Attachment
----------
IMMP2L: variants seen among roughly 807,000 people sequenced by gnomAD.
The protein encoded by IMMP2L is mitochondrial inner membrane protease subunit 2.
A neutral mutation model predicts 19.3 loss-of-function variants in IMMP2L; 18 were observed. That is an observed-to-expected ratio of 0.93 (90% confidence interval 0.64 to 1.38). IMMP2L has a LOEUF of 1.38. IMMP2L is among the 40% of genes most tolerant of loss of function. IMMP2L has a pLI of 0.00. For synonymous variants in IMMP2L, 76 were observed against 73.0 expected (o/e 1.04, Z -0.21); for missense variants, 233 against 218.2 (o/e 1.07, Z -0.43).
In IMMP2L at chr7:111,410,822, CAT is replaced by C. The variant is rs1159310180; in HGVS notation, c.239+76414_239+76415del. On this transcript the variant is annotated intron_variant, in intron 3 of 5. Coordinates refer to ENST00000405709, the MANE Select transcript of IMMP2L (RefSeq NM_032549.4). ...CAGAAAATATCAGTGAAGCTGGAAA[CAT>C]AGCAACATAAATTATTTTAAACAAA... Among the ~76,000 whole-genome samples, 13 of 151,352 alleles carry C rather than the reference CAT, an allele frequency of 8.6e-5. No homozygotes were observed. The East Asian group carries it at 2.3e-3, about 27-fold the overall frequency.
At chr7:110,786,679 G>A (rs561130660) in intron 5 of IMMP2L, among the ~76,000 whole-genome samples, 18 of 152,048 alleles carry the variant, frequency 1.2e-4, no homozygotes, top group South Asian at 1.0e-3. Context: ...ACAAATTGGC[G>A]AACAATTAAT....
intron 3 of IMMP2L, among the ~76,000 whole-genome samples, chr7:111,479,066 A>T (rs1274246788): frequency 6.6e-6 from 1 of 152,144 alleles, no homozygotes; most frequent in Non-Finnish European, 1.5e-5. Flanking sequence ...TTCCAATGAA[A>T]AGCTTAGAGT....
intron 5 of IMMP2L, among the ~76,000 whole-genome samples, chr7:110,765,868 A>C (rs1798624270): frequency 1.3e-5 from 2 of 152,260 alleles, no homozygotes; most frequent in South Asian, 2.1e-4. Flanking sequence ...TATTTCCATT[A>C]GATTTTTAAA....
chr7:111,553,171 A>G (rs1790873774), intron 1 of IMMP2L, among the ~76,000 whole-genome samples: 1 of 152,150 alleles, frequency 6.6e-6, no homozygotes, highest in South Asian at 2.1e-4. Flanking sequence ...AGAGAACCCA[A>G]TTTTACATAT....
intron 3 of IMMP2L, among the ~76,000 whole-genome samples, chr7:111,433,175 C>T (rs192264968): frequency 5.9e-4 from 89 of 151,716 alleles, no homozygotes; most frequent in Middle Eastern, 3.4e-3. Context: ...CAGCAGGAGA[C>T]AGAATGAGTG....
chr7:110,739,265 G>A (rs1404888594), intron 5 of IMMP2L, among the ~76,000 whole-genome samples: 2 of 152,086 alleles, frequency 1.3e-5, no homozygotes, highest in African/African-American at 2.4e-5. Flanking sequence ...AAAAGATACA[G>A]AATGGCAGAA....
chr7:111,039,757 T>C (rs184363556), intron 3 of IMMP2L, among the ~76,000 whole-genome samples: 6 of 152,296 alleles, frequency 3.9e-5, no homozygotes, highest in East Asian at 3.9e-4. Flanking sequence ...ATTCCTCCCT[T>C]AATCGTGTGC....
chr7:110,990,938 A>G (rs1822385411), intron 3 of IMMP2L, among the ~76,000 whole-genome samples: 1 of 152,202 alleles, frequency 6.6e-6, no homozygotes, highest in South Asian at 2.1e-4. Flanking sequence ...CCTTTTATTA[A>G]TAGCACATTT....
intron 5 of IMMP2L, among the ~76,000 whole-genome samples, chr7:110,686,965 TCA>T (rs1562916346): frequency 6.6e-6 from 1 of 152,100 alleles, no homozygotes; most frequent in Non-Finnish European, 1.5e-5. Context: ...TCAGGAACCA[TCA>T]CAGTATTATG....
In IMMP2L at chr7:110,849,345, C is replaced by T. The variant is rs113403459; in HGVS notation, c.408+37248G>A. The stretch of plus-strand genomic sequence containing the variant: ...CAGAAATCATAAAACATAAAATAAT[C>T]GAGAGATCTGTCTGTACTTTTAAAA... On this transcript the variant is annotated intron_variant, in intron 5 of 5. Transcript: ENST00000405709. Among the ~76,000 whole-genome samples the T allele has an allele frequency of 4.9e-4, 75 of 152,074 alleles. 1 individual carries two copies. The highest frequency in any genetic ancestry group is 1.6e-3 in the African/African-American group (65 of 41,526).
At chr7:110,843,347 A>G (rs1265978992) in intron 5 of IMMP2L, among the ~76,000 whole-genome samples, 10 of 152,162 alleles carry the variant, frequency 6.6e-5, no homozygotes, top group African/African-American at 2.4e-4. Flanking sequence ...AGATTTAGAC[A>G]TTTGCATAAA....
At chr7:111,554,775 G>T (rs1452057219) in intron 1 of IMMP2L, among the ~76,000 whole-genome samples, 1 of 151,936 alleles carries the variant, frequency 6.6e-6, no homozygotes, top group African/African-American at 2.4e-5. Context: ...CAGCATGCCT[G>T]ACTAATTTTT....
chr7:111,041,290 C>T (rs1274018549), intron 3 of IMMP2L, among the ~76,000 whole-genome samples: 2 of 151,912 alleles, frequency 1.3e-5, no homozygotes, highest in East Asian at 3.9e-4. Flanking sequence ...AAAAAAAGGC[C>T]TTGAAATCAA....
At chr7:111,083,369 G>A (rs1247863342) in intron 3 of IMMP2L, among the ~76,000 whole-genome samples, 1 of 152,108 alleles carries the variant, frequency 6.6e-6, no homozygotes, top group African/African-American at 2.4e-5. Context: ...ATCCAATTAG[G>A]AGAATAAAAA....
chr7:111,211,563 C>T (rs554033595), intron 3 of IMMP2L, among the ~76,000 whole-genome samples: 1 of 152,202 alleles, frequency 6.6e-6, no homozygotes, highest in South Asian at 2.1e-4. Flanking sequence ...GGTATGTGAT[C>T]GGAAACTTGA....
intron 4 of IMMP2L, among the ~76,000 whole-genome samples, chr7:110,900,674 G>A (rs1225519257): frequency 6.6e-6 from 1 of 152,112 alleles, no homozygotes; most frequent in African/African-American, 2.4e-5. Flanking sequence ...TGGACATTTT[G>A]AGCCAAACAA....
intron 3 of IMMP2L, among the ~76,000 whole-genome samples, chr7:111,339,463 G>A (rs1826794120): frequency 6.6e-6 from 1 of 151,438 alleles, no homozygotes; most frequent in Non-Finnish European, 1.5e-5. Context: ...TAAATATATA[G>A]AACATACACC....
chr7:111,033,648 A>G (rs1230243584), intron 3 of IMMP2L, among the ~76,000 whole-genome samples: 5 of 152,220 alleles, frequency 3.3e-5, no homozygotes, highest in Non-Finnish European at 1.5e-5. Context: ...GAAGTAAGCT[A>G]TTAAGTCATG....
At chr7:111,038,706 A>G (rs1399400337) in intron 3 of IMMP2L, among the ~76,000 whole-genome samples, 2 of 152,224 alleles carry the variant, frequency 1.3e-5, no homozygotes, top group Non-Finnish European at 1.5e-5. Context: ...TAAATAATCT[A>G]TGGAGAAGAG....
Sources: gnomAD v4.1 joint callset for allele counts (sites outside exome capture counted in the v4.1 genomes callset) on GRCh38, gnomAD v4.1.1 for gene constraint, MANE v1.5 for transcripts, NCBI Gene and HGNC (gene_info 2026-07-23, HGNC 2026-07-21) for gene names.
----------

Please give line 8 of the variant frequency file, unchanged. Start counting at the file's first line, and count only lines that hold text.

chr7:111,553,171 A>G (rs1790873774), intron 1 of IMMP2L, among the ~76,000 whole-genome samples: 1 of 152,150 alleles, frequency 6.6e-6, no homozygotes, highest in South Asian at 2.1e-4. Flanking sequence ...AGAGAACCCA[A>G]TTTTACATAT....